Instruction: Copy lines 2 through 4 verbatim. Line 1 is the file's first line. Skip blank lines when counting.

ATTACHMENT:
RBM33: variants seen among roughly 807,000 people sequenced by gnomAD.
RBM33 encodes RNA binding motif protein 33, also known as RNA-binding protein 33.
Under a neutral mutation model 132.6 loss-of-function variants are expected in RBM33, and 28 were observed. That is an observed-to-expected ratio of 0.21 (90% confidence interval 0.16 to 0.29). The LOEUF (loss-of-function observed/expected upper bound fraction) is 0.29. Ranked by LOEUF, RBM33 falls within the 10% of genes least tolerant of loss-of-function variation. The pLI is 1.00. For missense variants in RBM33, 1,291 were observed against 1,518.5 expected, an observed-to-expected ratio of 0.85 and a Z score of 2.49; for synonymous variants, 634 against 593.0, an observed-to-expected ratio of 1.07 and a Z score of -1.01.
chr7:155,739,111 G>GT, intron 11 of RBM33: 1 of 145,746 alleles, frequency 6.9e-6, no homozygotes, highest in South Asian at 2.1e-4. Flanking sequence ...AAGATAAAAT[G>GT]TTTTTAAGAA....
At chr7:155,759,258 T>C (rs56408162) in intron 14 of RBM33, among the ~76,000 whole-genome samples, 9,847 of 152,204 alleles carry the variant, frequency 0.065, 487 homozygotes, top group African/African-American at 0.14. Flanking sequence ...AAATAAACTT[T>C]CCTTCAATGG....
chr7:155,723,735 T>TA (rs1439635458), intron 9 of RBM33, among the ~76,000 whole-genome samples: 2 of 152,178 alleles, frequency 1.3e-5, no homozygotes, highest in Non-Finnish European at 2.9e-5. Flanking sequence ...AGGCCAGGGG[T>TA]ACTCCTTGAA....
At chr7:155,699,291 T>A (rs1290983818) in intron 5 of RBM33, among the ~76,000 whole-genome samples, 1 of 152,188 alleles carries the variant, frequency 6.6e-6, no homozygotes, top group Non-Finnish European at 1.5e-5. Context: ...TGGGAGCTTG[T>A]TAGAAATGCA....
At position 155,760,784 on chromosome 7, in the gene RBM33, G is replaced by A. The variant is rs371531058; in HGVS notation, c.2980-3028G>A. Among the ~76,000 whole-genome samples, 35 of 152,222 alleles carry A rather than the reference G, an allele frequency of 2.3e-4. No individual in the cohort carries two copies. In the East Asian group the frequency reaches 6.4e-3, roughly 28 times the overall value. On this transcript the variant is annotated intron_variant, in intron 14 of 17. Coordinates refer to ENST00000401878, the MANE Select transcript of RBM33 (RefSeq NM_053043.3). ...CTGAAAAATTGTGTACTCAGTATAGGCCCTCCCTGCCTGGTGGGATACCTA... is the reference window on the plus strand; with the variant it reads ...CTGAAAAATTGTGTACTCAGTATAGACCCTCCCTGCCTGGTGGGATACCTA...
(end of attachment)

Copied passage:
RBM33 encodes RNA binding motif protein 33, also known as RNA-binding protein 33.
Under a neutral mutation model 132.6 loss-of-function variants are expected in RBM33, and 28 were observed. That is an observed-to-expected ratio of 0.21 (90% confidence interval 0.16 to 0.29). The LOEUF (loss-of-function observed/expected upper bound fraction) is 0.29. Ranked by LOEUF, RBM33 falls within the 10% of genes least tolerant of loss-of-function variation. The pLI is 1.00. For missense variants in RBM33, 1,291 were observed against 1,518.5 expected, an observed-to-expected ratio of 0.85 and a Z score of 2.49; for synonymous variants, 634 against 593.0, an observed-to-expected ratio of 1.07 and a Z score of -1.01.
chr7:155,739,111 G>GT, intron 11 of RBM33: 1 of 145,746 alleles, frequency 6.9e-6, no homozygotes, highest in South Asian at 2.1e-4. Flanking sequence ...AAGATAAAAT[G>GT]TTTTTAAGAA....